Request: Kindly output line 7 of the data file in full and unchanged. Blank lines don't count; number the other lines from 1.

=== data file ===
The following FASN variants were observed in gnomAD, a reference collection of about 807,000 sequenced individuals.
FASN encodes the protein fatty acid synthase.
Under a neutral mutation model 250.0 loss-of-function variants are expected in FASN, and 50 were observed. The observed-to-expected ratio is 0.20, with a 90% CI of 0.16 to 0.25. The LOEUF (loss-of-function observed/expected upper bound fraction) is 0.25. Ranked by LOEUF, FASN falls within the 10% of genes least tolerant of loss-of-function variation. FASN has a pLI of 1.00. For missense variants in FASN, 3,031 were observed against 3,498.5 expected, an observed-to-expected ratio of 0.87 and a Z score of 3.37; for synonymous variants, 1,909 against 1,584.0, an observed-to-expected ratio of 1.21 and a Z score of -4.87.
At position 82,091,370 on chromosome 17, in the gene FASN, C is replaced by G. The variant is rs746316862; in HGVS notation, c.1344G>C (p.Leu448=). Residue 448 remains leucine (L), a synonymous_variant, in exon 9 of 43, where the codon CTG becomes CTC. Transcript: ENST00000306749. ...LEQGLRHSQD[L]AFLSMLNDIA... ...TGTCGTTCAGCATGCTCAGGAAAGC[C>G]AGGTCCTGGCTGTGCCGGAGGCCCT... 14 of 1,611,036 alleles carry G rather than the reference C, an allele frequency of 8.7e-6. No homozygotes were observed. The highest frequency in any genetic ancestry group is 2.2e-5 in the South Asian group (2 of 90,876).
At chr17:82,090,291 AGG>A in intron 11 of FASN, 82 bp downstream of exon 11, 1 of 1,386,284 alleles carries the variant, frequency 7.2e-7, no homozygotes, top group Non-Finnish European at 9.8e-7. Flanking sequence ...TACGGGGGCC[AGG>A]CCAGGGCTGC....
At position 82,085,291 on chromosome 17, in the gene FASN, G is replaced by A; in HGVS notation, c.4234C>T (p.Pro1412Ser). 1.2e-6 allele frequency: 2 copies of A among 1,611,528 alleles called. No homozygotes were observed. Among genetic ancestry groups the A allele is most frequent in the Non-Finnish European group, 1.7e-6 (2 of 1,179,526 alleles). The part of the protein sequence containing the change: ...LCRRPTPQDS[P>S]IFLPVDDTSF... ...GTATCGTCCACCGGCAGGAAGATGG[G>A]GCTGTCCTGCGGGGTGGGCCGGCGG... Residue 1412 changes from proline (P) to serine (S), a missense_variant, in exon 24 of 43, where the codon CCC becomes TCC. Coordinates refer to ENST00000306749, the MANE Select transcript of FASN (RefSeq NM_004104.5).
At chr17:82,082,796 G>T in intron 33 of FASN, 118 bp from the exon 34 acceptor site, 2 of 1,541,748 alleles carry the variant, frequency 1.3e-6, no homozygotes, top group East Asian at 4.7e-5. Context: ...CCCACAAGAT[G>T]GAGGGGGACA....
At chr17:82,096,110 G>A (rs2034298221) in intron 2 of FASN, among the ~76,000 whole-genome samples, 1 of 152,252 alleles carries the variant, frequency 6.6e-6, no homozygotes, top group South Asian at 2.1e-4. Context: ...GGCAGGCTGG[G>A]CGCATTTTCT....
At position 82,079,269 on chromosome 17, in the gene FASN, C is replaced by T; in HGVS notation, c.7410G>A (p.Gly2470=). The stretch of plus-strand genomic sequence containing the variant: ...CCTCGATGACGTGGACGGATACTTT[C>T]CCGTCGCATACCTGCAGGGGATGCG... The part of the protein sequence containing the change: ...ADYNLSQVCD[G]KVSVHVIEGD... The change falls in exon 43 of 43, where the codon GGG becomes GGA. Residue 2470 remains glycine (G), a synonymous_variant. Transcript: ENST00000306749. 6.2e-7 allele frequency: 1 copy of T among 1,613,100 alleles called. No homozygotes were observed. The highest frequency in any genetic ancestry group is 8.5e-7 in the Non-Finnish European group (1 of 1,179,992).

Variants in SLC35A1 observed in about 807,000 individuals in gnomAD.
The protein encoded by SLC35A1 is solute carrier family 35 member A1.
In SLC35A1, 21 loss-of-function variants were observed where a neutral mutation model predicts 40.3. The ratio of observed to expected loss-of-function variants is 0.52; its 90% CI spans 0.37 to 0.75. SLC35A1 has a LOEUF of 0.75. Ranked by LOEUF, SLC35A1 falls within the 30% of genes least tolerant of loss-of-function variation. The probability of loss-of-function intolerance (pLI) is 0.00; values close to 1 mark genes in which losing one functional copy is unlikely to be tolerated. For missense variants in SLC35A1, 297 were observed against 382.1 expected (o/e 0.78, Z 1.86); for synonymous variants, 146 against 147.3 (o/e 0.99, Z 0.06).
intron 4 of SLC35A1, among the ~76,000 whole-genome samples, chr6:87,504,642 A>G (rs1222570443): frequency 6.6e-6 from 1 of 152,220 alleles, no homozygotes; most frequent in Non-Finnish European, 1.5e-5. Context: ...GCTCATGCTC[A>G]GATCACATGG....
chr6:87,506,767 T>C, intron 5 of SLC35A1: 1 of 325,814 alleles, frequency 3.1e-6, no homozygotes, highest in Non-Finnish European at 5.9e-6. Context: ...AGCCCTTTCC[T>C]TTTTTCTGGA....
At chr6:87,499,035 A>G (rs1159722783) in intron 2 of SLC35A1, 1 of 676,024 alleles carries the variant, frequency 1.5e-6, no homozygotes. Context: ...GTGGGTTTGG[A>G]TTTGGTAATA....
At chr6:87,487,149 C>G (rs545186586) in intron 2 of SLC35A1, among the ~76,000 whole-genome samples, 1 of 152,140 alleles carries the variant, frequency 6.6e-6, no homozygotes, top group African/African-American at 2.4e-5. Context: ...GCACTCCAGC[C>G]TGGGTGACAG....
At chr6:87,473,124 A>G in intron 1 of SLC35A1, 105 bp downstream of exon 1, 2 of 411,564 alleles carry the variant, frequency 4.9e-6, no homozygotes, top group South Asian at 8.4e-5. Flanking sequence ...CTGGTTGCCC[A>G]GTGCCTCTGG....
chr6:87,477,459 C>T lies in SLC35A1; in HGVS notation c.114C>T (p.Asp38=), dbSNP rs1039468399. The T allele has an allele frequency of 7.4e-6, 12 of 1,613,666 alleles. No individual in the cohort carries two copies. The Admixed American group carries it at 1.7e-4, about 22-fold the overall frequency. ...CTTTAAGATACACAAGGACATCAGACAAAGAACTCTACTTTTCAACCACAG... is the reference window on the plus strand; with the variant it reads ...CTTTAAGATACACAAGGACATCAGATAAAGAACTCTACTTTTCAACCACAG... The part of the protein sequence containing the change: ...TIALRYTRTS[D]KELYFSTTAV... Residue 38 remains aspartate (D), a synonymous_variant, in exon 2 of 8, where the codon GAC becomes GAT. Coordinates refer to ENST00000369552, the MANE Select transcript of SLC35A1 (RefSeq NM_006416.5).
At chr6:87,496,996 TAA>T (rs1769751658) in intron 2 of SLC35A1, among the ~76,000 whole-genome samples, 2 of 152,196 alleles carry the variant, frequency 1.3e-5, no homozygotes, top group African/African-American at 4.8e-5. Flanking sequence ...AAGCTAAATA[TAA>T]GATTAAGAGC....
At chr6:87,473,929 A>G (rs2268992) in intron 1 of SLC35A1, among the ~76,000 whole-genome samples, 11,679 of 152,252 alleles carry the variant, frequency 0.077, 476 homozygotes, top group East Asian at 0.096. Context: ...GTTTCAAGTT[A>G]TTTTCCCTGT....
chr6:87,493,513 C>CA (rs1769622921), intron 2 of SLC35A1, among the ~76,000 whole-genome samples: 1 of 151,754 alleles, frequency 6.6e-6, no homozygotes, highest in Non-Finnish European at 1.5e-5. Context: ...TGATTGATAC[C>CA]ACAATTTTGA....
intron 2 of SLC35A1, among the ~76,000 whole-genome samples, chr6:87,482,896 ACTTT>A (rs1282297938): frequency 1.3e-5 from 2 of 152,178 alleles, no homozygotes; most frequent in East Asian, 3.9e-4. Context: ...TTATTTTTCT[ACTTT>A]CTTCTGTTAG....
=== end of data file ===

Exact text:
At chr17:82,082,796 G>T in intron 33 of FASN, 118 bp from the exon 34 acceptor site, 2 of 1,541,748 alleles carry the variant, frequency 1.3e-6, no homozygotes, top group East Asian at 4.7e-5. Context: ...CCCACAAGAT[G>T]GAGGGGGACA....